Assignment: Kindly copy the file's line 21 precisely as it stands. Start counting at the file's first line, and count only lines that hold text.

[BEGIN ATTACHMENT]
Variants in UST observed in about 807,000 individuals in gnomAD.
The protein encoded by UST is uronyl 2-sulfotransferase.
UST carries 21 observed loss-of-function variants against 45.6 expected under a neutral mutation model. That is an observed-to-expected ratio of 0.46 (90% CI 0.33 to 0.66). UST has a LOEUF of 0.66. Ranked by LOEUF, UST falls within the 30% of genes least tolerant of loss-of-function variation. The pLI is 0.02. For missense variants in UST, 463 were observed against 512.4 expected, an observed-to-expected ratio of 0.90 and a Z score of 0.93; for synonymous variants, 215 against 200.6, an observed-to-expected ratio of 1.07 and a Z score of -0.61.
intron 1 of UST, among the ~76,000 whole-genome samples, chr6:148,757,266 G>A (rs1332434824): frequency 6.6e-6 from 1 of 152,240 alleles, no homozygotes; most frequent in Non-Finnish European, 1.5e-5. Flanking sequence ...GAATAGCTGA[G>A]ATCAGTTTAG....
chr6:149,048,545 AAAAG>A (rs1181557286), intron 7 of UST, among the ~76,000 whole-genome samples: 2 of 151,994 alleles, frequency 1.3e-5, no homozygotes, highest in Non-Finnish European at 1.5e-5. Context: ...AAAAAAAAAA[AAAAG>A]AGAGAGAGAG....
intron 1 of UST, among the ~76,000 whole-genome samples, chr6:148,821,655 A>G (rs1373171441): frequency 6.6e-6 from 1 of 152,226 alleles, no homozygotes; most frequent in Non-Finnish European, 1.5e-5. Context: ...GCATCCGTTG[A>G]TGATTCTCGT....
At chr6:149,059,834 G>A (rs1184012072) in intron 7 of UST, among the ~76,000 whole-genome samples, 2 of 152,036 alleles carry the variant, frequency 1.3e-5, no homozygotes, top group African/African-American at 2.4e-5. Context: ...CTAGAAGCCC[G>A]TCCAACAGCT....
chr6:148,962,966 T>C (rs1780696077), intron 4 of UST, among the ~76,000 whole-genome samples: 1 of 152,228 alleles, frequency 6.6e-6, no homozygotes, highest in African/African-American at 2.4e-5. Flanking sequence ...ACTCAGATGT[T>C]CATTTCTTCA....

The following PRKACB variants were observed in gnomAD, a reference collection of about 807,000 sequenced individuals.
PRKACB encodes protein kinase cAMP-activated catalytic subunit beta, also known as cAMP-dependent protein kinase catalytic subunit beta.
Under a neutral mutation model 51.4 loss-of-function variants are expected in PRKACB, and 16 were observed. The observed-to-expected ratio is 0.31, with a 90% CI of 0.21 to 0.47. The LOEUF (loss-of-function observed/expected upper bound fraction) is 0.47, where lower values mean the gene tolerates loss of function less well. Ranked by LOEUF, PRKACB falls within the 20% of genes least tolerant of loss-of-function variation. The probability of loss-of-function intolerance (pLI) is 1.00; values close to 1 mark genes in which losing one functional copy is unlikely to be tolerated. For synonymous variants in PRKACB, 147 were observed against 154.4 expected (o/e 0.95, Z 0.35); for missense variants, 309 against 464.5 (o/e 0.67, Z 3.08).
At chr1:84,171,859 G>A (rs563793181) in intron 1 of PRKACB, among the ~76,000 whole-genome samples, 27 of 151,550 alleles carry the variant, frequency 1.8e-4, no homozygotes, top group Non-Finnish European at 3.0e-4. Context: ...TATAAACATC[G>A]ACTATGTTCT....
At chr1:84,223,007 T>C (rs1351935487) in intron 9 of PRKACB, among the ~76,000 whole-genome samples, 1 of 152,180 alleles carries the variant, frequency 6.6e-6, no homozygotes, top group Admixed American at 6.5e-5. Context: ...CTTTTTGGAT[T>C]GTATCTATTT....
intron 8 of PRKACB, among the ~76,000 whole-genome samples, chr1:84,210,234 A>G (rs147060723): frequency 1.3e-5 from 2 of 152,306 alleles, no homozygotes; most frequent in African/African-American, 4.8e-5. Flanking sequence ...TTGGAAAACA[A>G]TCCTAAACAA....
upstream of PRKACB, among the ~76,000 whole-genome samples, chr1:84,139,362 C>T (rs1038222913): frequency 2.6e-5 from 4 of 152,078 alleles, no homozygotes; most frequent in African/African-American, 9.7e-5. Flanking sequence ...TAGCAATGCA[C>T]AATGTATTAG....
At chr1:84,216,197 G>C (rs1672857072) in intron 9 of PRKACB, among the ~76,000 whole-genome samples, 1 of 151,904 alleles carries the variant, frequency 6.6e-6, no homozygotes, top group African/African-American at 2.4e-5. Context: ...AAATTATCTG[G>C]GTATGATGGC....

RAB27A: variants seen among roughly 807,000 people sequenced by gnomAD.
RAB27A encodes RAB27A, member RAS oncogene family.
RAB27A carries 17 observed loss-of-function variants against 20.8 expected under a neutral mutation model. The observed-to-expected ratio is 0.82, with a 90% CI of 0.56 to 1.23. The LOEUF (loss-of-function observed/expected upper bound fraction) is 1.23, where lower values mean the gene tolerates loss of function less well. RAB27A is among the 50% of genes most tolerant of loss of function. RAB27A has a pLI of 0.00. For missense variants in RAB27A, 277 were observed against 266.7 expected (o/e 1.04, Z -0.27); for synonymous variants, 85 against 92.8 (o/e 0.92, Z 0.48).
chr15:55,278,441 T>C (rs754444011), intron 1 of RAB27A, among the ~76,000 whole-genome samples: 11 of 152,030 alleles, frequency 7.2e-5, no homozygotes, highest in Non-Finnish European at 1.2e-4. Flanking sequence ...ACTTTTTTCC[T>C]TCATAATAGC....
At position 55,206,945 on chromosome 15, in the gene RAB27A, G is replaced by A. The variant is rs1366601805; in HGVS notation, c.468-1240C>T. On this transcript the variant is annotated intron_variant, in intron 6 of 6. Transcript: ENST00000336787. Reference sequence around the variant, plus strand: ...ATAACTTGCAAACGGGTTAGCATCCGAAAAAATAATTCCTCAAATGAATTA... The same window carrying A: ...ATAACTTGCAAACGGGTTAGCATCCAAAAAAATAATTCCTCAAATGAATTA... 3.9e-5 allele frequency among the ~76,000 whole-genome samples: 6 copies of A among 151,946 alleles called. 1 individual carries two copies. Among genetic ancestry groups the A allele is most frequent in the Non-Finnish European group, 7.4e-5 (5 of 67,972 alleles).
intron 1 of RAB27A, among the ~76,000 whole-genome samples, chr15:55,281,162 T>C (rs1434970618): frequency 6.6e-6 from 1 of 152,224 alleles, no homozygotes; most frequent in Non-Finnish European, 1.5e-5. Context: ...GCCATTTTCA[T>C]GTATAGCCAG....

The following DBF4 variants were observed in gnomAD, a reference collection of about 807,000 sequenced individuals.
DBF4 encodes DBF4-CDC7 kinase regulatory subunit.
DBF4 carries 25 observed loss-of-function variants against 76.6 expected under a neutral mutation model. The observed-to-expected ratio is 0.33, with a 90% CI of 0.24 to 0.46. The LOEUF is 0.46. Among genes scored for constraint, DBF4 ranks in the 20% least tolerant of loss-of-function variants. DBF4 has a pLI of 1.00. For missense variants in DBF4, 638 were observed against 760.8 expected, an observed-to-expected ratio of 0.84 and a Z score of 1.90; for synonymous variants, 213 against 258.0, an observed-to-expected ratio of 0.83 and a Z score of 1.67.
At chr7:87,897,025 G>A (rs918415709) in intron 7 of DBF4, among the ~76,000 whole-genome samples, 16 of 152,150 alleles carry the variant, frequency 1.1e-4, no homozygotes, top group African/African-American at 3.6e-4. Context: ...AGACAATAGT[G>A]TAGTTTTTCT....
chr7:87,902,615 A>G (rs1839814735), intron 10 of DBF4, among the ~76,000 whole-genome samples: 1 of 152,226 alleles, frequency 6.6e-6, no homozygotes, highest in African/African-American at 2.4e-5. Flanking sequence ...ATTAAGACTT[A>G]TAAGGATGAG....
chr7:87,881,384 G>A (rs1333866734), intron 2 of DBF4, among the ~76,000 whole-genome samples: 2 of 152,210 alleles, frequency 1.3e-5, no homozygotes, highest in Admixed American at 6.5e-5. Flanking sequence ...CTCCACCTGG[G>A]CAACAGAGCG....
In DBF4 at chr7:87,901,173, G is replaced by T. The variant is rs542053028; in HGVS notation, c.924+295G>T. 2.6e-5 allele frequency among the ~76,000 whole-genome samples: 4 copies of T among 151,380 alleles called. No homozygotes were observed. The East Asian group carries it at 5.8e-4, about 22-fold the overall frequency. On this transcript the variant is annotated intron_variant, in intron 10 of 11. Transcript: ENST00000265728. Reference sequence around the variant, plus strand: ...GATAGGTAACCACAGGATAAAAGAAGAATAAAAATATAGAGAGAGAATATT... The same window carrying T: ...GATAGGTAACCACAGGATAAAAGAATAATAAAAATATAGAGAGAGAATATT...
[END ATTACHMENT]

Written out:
At position 55,206,945 on chromosome 15, in the gene RAB27A, G is replaced by A. The variant is rs1366601805; in HGVS notation, c.468-1240C>T. On this transcript the variant is annotated intron_variant, in intron 6 of 6. Transcript: ENST00000336787. Reference sequence around the variant, plus strand: ...ATAACTTGCAAACGGGTTAGCATCCGAAAAAATAATTCCTCAAATGAATTA... The same window carrying A: ...ATAACTTGCAAACGGGTTAGCATCCAAAAAAATAATTCCTCAAATGAATTA... 3.9e-5 allele frequency among the ~76,000 whole-genome samples: 6 copies of A among 151,946 alleles called. 1 individual carries two copies. Among genetic ancestry groups the A allele is most frequent in the Non-Finnish European group, 7.4e-5 (5 of 67,972 alleles).